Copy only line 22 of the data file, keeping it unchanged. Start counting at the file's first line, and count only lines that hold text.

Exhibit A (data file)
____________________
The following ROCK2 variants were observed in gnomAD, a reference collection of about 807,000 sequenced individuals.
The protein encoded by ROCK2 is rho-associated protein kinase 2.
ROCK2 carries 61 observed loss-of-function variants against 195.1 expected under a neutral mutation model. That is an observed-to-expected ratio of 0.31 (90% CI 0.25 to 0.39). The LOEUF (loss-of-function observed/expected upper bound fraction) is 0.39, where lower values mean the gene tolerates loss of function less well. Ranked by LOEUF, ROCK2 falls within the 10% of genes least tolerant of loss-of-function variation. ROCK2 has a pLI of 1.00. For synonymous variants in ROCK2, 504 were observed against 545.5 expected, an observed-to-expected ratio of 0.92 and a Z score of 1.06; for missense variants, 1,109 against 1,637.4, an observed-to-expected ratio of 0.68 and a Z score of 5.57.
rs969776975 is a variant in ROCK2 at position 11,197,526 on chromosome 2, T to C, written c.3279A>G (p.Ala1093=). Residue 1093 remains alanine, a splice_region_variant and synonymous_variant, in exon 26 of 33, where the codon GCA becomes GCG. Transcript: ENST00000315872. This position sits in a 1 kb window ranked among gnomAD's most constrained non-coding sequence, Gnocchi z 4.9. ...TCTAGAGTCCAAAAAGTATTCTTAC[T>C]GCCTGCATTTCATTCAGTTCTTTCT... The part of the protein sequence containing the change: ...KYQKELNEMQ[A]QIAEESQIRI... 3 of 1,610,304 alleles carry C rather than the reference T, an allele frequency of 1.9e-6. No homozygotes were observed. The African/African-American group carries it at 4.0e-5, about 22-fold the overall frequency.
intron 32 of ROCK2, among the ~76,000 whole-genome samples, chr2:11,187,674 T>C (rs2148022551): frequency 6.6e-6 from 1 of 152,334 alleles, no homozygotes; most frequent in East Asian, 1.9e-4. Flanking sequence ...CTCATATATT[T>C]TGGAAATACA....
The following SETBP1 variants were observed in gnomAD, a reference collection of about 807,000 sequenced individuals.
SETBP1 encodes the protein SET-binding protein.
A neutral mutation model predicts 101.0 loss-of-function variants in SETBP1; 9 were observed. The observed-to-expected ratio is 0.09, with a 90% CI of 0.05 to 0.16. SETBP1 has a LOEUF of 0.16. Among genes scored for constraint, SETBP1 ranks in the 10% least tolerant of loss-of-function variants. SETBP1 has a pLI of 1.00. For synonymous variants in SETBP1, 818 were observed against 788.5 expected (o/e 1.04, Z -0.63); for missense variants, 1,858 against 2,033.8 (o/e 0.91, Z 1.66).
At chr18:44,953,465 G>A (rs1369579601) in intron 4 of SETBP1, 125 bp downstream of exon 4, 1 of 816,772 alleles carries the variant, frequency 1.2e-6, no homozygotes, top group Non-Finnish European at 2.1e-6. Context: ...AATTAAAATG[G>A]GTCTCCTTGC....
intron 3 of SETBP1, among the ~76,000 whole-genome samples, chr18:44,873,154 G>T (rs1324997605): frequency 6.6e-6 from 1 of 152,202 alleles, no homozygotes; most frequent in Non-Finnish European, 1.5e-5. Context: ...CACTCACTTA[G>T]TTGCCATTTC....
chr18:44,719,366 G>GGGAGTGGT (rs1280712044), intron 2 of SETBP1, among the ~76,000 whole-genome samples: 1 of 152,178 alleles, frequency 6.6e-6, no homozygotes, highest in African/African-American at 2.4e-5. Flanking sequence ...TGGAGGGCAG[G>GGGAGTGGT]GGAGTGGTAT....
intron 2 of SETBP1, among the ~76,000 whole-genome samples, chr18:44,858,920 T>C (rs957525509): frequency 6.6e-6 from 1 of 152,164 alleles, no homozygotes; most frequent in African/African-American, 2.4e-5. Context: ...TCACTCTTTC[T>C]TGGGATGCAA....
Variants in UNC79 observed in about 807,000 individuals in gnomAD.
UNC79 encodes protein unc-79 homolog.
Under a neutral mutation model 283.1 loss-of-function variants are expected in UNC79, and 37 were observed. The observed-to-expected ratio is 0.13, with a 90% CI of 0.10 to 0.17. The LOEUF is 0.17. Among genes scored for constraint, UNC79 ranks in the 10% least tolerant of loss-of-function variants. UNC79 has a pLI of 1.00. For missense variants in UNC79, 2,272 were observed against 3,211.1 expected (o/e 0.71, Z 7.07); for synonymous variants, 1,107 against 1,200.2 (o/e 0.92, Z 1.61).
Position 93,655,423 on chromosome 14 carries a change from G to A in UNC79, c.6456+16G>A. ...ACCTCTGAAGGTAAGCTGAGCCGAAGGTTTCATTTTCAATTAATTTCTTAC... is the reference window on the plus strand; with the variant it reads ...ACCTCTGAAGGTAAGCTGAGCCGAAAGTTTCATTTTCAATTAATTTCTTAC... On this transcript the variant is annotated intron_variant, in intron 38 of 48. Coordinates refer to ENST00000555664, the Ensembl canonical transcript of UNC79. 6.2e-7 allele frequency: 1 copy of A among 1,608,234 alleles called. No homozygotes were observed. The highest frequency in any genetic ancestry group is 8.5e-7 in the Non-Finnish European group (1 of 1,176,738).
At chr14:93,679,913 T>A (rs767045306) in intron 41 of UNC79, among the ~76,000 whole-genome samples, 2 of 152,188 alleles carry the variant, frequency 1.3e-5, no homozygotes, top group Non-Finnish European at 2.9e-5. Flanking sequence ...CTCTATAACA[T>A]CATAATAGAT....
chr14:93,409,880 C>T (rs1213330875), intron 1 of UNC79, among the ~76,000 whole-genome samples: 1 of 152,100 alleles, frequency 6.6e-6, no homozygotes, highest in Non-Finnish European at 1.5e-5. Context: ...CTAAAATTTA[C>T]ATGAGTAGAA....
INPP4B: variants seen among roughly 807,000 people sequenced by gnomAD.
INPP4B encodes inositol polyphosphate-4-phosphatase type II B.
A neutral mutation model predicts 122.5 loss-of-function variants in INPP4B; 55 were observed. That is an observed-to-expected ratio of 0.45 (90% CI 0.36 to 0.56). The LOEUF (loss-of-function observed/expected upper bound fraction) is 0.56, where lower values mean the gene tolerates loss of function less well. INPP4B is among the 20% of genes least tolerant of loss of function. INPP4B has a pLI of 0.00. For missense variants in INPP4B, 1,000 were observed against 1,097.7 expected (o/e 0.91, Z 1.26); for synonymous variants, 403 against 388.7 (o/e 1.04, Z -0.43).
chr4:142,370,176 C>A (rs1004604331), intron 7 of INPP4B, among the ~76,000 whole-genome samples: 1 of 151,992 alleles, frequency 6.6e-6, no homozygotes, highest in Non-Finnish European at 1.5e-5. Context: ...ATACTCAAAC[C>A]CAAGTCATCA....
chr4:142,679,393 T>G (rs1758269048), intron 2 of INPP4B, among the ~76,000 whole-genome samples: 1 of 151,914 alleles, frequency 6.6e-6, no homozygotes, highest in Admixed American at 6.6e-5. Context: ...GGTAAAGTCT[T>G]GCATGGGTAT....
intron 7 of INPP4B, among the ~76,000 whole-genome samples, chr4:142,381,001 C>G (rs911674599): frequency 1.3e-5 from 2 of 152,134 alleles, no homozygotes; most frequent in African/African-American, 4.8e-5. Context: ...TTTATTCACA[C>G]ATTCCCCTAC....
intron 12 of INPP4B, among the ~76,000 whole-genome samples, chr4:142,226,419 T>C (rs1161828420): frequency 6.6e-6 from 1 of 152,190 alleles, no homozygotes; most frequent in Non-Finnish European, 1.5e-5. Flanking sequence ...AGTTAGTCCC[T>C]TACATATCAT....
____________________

chr4:142,370,176 C>A (rs1004604331), intron 7 of INPP4B, among the ~76,000 whole-genome samples: 1 of 151,992 alleles, frequency 6.6e-6, no homozygotes, highest in Non-Finnish European at 1.5e-5. Context: ...ATACTCAAAC[C>A]CAAGTCATCA....